Red Sox fans can get more than just good lobster by going to Portland, Maine, this season. Seven of Boston's top 20 prospects -- as ranked by MLB.com -- are opening the season with the Double-A Portland Sea Dogs.
This is where the 20-year-old Bogaerts will be trying to take the next step in his development. Matt Barnes, one of the organization's bright young pitchers, is pitching at Portland.
"He had a good Spring Training," Crockett said. "The most interesting part of his spring was the development and usage of the changeup. That's something he really didn't have a great feel for. It developed some as the year wore on. To come into Spring Training and be really aggressive with it and not be afraid to make mistakes with it has been a big positive. He featured the same power fastball and flashed the same breaking ball he had last year."
If you like to watch runners get thrown out trying to attempt a steal, Hadlock Field in Portland should be the right place. Christian Vazquez wowed people in the Grapefruit League with his cannon arm and quick release.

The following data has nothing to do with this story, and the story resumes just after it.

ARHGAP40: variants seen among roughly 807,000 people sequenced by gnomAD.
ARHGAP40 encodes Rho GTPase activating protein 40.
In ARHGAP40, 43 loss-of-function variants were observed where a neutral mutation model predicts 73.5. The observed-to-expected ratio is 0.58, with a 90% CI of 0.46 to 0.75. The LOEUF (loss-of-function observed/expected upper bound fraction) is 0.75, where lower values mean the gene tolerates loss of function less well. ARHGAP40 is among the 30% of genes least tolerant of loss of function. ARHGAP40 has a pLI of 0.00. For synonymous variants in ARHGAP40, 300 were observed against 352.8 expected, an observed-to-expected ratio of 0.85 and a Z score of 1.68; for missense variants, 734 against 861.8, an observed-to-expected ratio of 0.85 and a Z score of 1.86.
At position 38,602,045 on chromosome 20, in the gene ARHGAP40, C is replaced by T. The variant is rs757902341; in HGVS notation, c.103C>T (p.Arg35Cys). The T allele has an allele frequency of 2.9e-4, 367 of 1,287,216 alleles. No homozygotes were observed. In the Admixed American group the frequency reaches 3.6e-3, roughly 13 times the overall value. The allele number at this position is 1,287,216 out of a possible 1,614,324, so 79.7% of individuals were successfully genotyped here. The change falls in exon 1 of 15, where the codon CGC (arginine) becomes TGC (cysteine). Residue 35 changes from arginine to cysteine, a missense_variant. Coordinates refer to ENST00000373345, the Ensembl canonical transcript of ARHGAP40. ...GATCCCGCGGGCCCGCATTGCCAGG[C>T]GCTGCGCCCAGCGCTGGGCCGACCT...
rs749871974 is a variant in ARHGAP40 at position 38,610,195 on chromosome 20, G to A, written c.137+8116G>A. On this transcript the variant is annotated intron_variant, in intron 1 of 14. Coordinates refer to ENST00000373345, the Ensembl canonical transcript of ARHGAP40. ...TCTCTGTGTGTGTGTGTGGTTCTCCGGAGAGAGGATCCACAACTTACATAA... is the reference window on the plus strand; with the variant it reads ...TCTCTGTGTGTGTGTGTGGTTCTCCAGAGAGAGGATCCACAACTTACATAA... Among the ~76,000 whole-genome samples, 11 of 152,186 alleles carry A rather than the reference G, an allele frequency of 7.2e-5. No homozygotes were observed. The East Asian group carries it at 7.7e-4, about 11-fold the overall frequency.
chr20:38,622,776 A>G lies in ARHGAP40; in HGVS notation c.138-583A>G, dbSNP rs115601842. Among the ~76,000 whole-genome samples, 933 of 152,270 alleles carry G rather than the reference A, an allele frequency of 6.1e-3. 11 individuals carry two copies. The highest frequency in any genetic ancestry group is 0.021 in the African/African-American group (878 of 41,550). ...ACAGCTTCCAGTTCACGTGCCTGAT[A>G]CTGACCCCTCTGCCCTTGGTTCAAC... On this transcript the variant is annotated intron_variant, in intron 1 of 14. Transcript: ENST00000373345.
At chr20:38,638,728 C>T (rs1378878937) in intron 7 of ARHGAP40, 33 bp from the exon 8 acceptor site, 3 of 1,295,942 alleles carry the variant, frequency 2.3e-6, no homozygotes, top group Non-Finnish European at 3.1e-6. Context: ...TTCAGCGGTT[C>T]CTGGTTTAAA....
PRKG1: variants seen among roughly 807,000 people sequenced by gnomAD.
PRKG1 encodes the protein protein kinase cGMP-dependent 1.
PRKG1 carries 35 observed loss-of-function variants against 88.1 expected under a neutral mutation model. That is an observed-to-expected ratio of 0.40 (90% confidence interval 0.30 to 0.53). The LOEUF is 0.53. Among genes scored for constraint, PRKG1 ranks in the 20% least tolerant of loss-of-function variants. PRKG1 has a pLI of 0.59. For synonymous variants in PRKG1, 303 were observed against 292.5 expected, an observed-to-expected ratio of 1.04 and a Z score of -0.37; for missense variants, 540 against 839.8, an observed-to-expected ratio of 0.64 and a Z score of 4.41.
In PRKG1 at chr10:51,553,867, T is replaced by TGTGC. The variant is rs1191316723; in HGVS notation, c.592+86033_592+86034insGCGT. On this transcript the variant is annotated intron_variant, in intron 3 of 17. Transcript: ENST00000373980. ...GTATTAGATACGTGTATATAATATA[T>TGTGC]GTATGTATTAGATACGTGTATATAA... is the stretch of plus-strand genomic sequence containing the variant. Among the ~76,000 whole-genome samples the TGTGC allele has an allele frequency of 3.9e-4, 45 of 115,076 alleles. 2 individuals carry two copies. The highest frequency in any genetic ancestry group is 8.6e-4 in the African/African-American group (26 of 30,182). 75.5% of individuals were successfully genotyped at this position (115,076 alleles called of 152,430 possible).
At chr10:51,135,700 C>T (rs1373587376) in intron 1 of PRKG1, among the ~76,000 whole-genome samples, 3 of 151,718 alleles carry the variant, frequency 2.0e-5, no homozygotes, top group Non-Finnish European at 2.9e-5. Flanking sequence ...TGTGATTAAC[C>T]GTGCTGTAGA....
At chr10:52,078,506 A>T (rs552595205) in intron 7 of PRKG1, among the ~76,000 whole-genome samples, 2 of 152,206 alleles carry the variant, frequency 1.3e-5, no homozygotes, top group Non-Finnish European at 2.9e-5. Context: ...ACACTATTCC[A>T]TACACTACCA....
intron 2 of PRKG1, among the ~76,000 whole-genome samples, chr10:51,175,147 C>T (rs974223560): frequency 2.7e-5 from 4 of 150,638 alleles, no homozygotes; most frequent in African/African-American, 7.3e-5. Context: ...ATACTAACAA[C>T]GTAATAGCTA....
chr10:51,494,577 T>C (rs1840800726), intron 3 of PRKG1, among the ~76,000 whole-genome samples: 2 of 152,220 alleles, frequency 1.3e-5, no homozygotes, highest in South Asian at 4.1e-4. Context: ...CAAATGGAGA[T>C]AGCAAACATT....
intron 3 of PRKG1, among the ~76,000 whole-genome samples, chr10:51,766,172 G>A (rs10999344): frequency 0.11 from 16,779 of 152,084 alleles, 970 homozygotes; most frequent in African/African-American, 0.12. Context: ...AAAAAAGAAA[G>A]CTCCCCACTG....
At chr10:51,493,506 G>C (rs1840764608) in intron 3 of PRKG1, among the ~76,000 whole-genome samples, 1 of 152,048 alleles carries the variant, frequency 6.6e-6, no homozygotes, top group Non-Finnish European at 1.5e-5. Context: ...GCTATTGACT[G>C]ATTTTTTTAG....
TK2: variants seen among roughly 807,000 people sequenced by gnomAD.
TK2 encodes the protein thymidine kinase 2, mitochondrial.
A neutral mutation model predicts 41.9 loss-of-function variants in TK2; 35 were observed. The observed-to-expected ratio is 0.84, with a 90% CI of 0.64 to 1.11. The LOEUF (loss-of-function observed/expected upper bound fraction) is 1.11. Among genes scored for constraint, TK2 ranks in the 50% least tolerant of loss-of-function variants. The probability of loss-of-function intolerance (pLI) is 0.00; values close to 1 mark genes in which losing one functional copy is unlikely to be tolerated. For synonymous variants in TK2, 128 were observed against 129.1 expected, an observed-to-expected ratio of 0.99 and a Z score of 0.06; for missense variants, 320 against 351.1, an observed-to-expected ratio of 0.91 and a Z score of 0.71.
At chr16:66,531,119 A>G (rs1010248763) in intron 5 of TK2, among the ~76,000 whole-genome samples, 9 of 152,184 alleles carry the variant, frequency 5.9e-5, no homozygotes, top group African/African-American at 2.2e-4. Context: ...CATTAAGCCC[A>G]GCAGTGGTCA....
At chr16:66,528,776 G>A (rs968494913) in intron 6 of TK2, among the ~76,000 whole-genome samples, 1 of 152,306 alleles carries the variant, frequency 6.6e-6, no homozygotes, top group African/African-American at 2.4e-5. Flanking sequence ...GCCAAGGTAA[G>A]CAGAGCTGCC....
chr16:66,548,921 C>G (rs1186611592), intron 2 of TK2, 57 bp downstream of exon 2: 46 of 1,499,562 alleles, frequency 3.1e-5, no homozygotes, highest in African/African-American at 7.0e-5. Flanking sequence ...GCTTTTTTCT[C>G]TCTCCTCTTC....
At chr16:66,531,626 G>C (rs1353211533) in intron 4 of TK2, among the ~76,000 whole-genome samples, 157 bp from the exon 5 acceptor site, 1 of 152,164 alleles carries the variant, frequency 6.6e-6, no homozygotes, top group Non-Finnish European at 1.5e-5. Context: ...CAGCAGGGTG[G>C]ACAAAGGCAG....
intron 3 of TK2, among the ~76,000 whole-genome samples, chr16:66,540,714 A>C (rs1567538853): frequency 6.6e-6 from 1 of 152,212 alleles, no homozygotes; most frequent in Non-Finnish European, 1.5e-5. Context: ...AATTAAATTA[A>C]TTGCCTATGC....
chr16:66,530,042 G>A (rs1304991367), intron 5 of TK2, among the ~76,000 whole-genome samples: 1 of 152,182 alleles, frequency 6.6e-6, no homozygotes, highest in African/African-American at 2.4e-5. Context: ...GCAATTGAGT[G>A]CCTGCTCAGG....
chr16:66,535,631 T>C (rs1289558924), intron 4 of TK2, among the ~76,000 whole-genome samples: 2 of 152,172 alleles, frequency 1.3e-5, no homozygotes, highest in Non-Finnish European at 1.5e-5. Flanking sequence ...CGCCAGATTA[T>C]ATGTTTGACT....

"He did as good a job as he ever has at preparing physically," Crockett said. "He got himself in the best shape he's ever been in, and I think that's a credit to him, and it showed out on the field and behind the plate with his agility. We were very happy with him."
Fans who venture to McCoy Stadium for Triple-A Pawtucket games should also have plenty of intriguing action to watch. That is where Webster is opening his season with the goal of getting to the Red Sox before the summer is over.
"He was quick to make some very minor adjustments that really helped him attack the strike zone," Crockett said. "The stuff was unparalleled. He showed that through camp.
"But his confidence, his demeanor in big league camp was impressive. He really took the bull by the horns and was confident in everything he did. He was aggressive in the strike zone. He showed the stuff that everybody had seen before. Putting all those things together in Spring Training, obviously it's a short sample, but it's a good place to start."
Outfielder Bryce Brentz and right-hander Rubby De La Rosa are some other highly regarded players opening the year at Pawtucket, which is just a 40-minute drive from Boston.
Class A Salem also has its share of talent. Lefty Henry Owens, drafted out of high school in 2011, is definitely a player Red Sox fans should be keeping tabs on.